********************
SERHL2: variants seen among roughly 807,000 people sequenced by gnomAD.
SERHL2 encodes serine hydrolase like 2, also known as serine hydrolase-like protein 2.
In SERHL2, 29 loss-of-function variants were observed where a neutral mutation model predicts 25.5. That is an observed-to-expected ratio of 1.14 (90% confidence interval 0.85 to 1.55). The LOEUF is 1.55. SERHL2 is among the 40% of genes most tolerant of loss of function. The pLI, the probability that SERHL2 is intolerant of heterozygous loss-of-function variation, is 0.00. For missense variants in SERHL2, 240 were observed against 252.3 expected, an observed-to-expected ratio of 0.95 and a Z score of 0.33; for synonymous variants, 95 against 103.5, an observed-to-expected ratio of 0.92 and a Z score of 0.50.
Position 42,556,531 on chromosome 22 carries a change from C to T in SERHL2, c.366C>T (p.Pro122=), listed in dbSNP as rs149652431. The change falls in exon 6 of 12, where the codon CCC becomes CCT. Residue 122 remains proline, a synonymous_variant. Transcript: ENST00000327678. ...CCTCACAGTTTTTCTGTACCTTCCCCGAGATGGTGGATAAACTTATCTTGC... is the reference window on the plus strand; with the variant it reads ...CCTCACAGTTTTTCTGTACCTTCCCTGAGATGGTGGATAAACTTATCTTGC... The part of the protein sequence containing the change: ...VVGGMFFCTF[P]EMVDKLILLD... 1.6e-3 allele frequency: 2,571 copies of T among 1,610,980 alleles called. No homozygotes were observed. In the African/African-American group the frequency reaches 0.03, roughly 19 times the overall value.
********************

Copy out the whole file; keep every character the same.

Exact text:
SERHL2: variants seen among roughly 807,000 people sequenced by gnomAD.
SERHL2 encodes serine hydrolase like 2, also known as serine hydrolase-like protein 2.
In SERHL2, 29 loss-of-function variants were observed where a neutral mutation model predicts 25.5. That is an observed-to-expected ratio of 1.14 (90% confidence interval 0.85 to 1.55). The LOEUF is 1.55. SERHL2 is among the 40% of genes most tolerant of loss of function. The pLI, the probability that SERHL2 is intolerant of heterozygous loss-of-function variation, is 0.00. For missense variants in SERHL2, 240 were observed against 252.3 expected, an observed-to-expected ratio of 0.95 and a Z score of 0.33; for synonymous variants, 95 against 103.5, an observed-to-expected ratio of 0.92 and a Z score of 0.50.
Position 42,556,531 on chromosome 22 carries a change from C to T in SERHL2, c.366C>T (p.Pro122=), listed in dbSNP as rs149652431. The change falls in exon 6 of 12, where the codon CCC becomes CCT. Residue 122 remains proline, a synonymous_variant. Transcript: ENST00000327678. ...CCTCACAGTTTTTCTGTACCTTCCCCGAGATGGTGGATAAACTTATCTTGC... is the reference window on the plus strand; with the variant it reads ...CCTCACAGTTTTTCTGTACCTTCCCTGAGATGGTGGATAAACTTATCTTGC... The part of the protein sequence containing the change: ...VVGGMFFCTF[P]EMVDKLILLD... 1.6e-3 allele frequency: 2,571 copies of T among 1,610,980 alleles called. No homozygotes were observed. In the African/African-American group the frequency reaches 0.03, roughly 19 times the overall value.